If coming from Cancun and if you’re planning to stay at least overnight (if not a few nights!), you may want to consider taking a flight to/from Cozumel. Currently, MAYAir offers 6 shuttle flights daily out of Cancun International Airport direct to Cozumel International Airport. Pricing ranges from approx $50.00 – $100.00 USD each way, although TIP: if you happen to have a Mexican credit or debit card, the fare is reduced by almost half. The flight is only 20 minutes and offers incredible views, so if this is an option for you – we say take it!


You’ve made it to Cozumel! Next step? Finding a set of wheels for the day. Whether you’re looking for a car with A/C, an open-air jeep, scooter, or even a dune buggy, you will be met by numerous vendors selling all of the above (& more!) the second you step off the ferry.

Expect prices to hover around $20.00 USD per day for a motorbike; around $50.00+ USD per day for a car, jeep or dune buggy. Pricing is generally lower for open-air vehicles with manual transmissions; higher for automatics with A/C.

You can take your chances pricing out vendors at the ferry dock, or go straight to our pick, HTL Rentals. They are just a few blocks from the ferry dock, have an impressive fleet of vehicle options, and we love that all of their rentals come with both collision insurance AND Mexico’s required 3rd party liability insurance already included in the price. TIP: Reserve ahead of time to not only guarantee your rental, but get a better rate! Rates are slightly if you try to rent day of, in-person.

If for some reason HTL doesn’t have vehicles available, try Rentadora ISIS on the same block. While their vehicles are on the older side (don’t expect anything fancy here!), they’ll get you where you need to go and the shop is run by good, honest people. Plus, they typically have quite a few “Mexican Ferraris” available – old-school VW bugs. 😉 – that are a fun ride on the island.

Most rental companies open at 8 or 9am, and especially if you haven’t reserved online ahead of time, we recommend arriving close to opening time to get your best pick of the vehicles. (Remember we mentioned to take the 7 or 8am ferry? This is one of the reasons why!)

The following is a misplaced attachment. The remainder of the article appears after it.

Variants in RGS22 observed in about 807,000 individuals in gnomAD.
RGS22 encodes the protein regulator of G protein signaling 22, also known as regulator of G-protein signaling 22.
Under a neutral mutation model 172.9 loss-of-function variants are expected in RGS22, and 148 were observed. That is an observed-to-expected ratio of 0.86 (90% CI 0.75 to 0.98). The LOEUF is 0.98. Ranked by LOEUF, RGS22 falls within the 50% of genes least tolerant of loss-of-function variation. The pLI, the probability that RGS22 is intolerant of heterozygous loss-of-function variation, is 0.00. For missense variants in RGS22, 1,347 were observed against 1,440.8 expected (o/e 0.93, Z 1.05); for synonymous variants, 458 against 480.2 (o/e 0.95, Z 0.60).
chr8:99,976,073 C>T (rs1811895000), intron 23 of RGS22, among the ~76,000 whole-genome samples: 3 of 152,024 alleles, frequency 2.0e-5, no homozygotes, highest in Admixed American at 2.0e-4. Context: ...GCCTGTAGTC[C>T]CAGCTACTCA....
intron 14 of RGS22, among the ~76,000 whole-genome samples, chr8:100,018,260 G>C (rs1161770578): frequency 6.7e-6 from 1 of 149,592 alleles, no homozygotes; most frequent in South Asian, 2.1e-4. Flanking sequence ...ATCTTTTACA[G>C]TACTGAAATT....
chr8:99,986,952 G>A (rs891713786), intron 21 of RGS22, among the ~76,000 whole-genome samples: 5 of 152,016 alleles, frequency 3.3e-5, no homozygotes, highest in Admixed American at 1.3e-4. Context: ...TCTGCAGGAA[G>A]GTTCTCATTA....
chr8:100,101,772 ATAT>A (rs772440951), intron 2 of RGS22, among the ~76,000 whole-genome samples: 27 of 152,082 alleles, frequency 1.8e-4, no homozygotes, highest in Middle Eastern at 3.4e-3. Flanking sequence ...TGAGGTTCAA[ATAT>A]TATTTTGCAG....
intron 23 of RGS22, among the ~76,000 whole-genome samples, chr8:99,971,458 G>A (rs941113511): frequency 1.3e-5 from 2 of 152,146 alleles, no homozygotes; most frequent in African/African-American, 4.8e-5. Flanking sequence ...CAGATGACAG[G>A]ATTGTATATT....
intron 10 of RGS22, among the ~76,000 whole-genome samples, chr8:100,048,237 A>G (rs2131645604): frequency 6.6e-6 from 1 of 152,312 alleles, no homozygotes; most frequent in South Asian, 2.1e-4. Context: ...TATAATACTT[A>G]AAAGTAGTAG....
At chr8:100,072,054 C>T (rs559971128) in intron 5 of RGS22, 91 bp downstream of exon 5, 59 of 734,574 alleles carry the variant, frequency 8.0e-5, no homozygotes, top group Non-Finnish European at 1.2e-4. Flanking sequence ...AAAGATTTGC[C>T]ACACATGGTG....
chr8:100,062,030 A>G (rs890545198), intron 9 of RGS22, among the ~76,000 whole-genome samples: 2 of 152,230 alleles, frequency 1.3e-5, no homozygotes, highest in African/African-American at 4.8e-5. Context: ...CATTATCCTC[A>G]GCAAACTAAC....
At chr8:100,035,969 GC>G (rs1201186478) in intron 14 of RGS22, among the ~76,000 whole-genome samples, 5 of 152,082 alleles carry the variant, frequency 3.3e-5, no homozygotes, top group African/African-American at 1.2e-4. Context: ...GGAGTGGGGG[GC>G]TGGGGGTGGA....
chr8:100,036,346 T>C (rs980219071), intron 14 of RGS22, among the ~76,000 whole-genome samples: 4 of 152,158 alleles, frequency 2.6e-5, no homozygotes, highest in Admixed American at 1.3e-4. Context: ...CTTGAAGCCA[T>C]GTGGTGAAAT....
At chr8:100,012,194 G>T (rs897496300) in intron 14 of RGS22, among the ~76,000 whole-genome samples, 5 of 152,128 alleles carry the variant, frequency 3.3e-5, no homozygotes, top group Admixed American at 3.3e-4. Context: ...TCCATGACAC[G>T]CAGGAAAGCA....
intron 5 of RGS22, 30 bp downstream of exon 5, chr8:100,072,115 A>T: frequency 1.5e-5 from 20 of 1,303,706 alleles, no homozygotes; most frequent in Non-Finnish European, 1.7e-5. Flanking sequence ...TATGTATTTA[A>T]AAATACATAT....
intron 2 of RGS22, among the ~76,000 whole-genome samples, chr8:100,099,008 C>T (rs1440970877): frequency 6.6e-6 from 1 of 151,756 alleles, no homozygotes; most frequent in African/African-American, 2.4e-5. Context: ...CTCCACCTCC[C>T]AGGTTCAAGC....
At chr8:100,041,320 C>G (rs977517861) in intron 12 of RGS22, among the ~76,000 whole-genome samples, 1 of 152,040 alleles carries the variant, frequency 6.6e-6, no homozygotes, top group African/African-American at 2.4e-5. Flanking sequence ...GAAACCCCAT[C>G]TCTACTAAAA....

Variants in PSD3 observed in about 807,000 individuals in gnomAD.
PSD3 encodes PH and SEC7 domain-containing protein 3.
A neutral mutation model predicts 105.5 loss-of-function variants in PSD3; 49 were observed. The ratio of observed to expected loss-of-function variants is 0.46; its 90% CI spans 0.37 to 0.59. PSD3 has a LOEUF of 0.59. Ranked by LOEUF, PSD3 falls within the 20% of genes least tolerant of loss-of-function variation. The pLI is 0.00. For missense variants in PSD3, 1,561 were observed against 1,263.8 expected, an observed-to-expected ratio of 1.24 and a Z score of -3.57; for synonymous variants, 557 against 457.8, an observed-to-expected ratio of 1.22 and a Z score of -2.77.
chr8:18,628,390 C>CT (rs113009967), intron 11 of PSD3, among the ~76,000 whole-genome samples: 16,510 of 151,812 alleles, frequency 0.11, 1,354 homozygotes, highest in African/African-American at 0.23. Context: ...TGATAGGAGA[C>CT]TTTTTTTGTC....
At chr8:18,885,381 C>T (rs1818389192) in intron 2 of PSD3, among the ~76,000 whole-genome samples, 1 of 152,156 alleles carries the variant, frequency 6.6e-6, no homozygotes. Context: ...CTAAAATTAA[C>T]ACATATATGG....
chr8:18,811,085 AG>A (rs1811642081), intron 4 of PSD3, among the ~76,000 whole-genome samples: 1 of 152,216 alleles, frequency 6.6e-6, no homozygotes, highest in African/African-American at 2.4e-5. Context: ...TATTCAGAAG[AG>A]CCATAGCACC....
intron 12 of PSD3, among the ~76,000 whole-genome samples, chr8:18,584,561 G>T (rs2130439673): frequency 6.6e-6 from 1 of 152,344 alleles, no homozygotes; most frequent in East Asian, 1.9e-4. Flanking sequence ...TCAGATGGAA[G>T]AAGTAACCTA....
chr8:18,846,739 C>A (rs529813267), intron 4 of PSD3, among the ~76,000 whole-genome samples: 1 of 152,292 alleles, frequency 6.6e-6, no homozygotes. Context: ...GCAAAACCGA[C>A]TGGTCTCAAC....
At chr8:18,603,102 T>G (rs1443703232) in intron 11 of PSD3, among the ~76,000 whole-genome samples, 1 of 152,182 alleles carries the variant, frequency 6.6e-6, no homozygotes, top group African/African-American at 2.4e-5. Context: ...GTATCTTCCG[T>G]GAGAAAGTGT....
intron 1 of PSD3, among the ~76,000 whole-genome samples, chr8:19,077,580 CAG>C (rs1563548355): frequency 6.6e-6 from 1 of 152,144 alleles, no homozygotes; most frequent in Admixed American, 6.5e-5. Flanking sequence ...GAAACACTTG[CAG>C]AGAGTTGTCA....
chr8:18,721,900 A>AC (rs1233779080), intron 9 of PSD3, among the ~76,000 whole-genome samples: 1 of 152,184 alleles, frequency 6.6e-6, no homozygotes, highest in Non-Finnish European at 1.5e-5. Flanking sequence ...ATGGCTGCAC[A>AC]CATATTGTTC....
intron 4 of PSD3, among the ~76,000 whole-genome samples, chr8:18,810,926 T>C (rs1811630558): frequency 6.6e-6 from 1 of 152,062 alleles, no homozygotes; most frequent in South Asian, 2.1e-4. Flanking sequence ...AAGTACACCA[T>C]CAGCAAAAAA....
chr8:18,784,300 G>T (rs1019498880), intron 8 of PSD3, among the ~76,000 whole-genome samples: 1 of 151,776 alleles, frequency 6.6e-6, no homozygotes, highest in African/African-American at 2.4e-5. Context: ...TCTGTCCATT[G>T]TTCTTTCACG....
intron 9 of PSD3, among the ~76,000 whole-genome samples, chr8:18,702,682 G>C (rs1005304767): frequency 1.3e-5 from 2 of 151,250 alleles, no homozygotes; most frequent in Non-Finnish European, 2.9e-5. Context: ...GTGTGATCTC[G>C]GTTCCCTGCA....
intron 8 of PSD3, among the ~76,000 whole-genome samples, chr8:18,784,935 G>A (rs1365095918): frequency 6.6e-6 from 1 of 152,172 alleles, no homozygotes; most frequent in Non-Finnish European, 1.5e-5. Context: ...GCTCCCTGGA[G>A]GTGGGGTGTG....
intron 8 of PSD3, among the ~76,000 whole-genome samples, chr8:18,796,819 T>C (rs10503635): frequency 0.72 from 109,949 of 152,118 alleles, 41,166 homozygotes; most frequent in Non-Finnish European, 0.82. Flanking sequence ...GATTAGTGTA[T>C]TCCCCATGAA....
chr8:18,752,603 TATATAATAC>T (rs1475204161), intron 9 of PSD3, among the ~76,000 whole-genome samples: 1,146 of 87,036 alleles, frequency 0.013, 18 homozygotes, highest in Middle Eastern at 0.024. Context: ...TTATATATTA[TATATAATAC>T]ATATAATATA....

Related: We Stayed at an All-Inclusive Resort in Mexico During Covid, and This is What it Was Like.


Before or after picking up your ride, fuel up with breakfast! You’re going to need it for the long day ahead. There are a quite a few breakfast options in and around San Miguel De Cozumel, the pueblo (town) located adjacent to the ferry dock. Most open between 7am & 8am.

For stunning ocean views just north of town, head to La Monina. Views aside, this waterfront spot serves up delicious chilaquiles and enchiladas (see above!), the best fresh juices and excellent service. 

We also love COZ Coffee Roasting Company right in town. This casual spot is just steps from the ferry dock and a few more steps from the above mentioned car rental companies. Expect an excellent, inexpensive breakfast and amazing coffee. (TIP: try the Spiced-Iced Coffee or the Peanut Butter Coffee!) These guys do run on Mexico time though, so best to not to be in a rush. 😉


That’s right – there are ruins on Cozumel! A 20-minute drive inland tucked into the jungle, you’ll find the island’s San Gervasio Mayan Ruins. While the site may not be as impressive as its Tulum or Yucatán neighbors in scale or views, San Gervasio is still filled with fascinating history. Remember Ix Chel, the Mayan Moon Goddess (as mentioned above)? This is where Mayan women seeking fertility went to pay tribute. Especially if you’ve never visited Mayan ruins before, this site easily earns its rightful stop during your day trip to Cozumel.

The ruins are open 7 days a week from 8am – 3:45pm. Entrance fee is $10.00 USD per person, split into two payments. You’ll pay part of the fee at the initial entry point (via cash or credit card), followed by the rest at a second entry point (this one is cash only). Here you will also have the opportunity to hire a tour guide for an additional fee.

Expect to spend around 1-2 hours exploring the site, which is relatively spread out. You’ll be doing quite a bit of walking (across rocky, uneven surfaces at that) so we recommend wearing sneakers here vs. flip-flips.

It does get HOT here in the midday sun, so do yourself a favor and arrive early to beat the heat! If you’ve heeded our advice and taken the 7 or 8am ferry, this means you can make it here by around 9 or 10am. We arrived at 9:30 and left by 11am. Just in time to avoid the strong sun – and the van-loads of tour groups arriving in droves.